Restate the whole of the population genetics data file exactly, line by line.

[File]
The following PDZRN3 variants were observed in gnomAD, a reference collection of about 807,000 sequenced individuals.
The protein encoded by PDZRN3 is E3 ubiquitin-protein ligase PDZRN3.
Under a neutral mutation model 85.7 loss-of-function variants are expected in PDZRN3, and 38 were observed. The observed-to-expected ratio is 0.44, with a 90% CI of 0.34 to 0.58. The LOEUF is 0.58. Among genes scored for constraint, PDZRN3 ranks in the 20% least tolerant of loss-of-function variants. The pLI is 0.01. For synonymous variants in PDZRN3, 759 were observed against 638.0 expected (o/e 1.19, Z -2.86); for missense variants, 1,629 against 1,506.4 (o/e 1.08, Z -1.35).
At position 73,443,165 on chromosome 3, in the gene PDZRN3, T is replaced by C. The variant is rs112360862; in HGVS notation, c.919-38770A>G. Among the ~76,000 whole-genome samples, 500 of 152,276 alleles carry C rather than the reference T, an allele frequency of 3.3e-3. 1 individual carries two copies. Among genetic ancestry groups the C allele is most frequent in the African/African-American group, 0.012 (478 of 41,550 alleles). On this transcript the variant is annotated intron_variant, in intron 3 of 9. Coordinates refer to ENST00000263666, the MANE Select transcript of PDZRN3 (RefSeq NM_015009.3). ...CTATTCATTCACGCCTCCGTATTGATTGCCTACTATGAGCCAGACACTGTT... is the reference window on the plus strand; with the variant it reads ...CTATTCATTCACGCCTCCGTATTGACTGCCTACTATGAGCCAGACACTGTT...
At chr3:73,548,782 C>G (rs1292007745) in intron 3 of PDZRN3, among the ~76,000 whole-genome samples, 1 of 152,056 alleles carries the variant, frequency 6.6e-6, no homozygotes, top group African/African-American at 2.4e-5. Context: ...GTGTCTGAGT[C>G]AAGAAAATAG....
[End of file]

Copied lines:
The following PDZRN3 variants were observed in gnomAD, a reference collection of about 807,000 sequenced individuals.
The protein encoded by PDZRN3 is E3 ubiquitin-protein ligase PDZRN3.
Under a neutral mutation model 85.7 loss-of-function variants are expected in PDZRN3, and 38 were observed. The observed-to-expected ratio is 0.44, with a 90% CI of 0.34 to 0.58. The LOEUF is 0.58. Among genes scored for constraint, PDZRN3 ranks in the 20% least tolerant of loss-of-function variants. The pLI is 0.01. For synonymous variants in PDZRN3, 759 were observed against 638.0 expected (o/e 1.19, Z -2.86); for missense variants, 1,629 against 1,506.4 (o/e 1.08, Z -1.35).
At position 73,443,165 on chromosome 3, in the gene PDZRN3, T is replaced by C. The variant is rs112360862; in HGVS notation, c.919-38770A>G. Among the ~76,000 whole-genome samples, 500 of 152,276 alleles carry C rather than the reference T, an allele frequency of 3.3e-3. 1 individual carries two copies. Among genetic ancestry groups the C allele is most frequent in the African/African-American group, 0.012 (478 of 41,550 alleles). On this transcript the variant is annotated intron_variant, in intron 3 of 9. Coordinates refer to ENST00000263666, the MANE Select transcript of PDZRN3 (RefSeq NM_015009.3). ...CTATTCATTCACGCCTCCGTATTGATTGCCTACTATGAGCCAGACACTGTT... is the reference window on the plus strand; with the variant it reads ...CTATTCATTCACGCCTCCGTATTGACTGCCTACTATGAGCCAGACACTGTT...
At chr3:73,548,782 C>G (rs1292007745) in intron 3 of PDZRN3, among the ~76,000 whole-genome samples, 1 of 152,056 alleles carries the variant, frequency 6.6e-6, no homozygotes, top group African/African-American at 2.4e-5. Context: ...GTGTCTGAGT[C>G]AAGAAAATAG....